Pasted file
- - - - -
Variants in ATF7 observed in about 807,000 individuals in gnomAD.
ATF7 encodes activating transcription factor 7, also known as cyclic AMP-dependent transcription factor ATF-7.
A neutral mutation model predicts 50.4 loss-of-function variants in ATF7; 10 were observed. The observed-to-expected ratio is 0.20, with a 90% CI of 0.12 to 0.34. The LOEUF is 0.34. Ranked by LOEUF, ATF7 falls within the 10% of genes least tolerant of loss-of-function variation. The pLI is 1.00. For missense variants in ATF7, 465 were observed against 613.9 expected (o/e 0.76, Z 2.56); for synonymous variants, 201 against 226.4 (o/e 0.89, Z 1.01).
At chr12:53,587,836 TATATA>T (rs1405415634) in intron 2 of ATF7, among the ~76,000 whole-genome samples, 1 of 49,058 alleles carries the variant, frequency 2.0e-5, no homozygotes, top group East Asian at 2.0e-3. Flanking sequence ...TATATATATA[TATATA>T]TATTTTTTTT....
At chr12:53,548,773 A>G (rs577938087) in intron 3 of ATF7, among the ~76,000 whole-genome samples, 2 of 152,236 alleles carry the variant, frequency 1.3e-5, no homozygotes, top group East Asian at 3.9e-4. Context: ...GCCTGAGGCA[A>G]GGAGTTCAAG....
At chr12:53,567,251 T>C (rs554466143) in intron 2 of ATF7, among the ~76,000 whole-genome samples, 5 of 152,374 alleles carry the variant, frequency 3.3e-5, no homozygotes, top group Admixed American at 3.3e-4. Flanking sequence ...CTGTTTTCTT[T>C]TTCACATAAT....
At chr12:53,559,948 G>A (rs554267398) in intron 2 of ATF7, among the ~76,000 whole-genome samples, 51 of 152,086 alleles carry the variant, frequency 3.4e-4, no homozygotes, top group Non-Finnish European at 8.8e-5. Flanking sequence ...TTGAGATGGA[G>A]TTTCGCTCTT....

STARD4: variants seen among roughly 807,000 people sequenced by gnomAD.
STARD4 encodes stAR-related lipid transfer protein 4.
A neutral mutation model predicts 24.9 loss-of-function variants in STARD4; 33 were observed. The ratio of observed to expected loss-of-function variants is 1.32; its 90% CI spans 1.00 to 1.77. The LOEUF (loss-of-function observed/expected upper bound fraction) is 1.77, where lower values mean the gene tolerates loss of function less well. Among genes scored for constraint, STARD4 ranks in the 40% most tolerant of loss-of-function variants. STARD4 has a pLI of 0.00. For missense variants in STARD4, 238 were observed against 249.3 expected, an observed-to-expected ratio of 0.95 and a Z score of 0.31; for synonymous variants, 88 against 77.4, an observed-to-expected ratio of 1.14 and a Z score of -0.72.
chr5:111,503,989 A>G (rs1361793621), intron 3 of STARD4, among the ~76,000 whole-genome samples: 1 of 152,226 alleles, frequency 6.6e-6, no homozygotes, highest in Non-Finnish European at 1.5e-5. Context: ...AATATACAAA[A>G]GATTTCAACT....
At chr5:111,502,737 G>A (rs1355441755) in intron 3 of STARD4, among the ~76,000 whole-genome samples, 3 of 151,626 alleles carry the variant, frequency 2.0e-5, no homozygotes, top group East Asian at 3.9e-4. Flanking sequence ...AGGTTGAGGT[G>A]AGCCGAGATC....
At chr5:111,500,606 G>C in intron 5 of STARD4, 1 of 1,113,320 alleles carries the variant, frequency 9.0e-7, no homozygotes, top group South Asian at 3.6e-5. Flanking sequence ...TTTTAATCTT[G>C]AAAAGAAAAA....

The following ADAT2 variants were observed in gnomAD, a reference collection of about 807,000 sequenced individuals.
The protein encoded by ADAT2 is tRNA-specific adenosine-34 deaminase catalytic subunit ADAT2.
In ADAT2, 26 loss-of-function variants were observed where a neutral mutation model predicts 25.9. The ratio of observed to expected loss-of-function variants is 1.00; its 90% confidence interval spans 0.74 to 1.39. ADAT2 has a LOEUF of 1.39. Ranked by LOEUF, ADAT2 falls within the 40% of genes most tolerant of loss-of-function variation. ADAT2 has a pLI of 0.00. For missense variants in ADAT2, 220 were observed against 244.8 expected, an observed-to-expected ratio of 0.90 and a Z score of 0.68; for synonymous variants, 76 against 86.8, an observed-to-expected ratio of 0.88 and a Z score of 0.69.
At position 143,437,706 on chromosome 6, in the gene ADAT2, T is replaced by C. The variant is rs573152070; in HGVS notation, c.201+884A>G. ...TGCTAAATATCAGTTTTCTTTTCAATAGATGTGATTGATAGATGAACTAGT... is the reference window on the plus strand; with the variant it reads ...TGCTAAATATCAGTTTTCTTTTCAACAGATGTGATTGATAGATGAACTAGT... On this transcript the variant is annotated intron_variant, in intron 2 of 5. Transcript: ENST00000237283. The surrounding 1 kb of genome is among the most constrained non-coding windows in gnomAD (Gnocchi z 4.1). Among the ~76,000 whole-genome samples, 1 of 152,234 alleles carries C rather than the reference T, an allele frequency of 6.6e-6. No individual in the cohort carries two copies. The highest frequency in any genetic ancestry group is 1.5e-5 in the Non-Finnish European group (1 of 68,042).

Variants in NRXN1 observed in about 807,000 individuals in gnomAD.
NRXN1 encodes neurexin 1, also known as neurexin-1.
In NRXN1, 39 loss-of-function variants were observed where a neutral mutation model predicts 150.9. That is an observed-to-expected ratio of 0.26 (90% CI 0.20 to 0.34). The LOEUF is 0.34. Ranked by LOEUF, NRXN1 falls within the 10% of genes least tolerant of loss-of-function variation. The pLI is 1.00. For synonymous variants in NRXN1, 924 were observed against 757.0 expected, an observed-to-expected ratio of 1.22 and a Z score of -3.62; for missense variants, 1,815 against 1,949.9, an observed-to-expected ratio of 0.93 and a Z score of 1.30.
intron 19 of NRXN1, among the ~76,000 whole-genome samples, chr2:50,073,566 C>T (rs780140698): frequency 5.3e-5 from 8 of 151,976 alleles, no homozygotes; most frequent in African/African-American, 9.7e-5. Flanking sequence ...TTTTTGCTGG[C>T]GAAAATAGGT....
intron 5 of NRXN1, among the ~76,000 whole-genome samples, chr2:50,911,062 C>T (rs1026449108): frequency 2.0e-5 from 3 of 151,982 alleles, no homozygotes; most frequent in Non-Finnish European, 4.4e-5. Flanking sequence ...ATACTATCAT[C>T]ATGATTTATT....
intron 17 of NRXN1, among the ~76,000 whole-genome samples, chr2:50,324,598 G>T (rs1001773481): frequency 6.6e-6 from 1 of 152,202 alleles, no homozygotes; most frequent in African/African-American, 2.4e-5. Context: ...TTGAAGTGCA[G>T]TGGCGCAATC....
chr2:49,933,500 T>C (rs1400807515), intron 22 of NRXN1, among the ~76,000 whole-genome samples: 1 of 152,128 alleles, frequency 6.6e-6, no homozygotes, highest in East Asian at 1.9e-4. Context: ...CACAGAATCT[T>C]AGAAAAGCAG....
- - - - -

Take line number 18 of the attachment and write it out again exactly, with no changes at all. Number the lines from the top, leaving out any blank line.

Variants in NRXN1 observed in about 807,000 individuals in gnomAD.